But now, voters also may ask for a full year’s worth of ballots, rather than asking for only a ballot for the next election, he said.
In 2012, 63,981 ballots were mailed in early statewide, including 8,275 in Tarrant County, compared with 48,250 statewide and 5,144 in Tarrant County in 2008 and nearly 27,000 statewide and 2,539 in Tarrant County in 2004, records show.
The goal of these ballots primarily is to make sure voters who can’t make it aren’t cut out of the electoral process, Phillips said.
So far, about 1,000 requests for ballots have been sent in, he said.
“This is a convenience for voters,” Jillson said.
The question of which party benefits from early voting is just that — a question.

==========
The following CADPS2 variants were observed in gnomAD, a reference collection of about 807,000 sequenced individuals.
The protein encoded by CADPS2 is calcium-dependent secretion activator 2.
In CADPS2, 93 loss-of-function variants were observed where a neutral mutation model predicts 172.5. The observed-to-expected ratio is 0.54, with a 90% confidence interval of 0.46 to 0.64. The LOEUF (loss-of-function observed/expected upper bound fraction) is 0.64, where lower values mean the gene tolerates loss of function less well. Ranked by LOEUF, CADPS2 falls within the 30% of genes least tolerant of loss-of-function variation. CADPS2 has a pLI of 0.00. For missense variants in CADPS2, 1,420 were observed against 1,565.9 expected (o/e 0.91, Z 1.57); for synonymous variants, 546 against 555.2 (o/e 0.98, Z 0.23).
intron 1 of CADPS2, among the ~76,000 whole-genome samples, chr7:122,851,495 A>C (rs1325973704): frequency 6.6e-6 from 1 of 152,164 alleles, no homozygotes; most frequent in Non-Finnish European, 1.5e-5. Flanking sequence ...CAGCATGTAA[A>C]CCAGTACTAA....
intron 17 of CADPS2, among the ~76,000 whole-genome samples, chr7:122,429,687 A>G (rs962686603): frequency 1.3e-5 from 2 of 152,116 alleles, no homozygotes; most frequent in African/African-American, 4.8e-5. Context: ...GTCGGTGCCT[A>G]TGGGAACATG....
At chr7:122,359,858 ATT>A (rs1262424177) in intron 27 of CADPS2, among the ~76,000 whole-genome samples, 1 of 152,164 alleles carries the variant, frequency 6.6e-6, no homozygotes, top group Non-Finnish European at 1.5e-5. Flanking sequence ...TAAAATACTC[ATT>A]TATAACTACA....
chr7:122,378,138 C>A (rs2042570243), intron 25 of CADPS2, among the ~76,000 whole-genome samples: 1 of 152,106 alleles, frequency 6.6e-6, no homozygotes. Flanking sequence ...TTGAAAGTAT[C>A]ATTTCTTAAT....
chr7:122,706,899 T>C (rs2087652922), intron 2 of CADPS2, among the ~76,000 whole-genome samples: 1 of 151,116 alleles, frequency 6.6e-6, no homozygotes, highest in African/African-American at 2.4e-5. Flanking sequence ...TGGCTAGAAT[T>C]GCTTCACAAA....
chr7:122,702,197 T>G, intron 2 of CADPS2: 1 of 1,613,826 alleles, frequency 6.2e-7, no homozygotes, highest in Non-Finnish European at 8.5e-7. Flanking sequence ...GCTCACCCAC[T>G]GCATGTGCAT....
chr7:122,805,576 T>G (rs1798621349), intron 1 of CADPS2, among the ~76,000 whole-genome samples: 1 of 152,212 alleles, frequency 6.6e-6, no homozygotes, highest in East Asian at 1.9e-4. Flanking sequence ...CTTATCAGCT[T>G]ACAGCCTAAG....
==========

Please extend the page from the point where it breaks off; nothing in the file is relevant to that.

Democrats say it helps Republicans; Republicans say it’s the other way around.
“Early voting doesn’t necessarily help any one party at this point,” said Brandon Rottinghaus, an associate political science professor at the University of Houston.
Younger voters are less likely to vote early partially because they are less likely to vote anyway.
Brandon Rottinghaus, an associate political science professor at the University of Houston.
But he said many early voters share certain characteristics.
“Voters who vote early are typically older, more affluent, and are long-term homeowners,” Rottinghaus said. “Younger voters are less likely to vote early partially because they are less likely to vote anyway.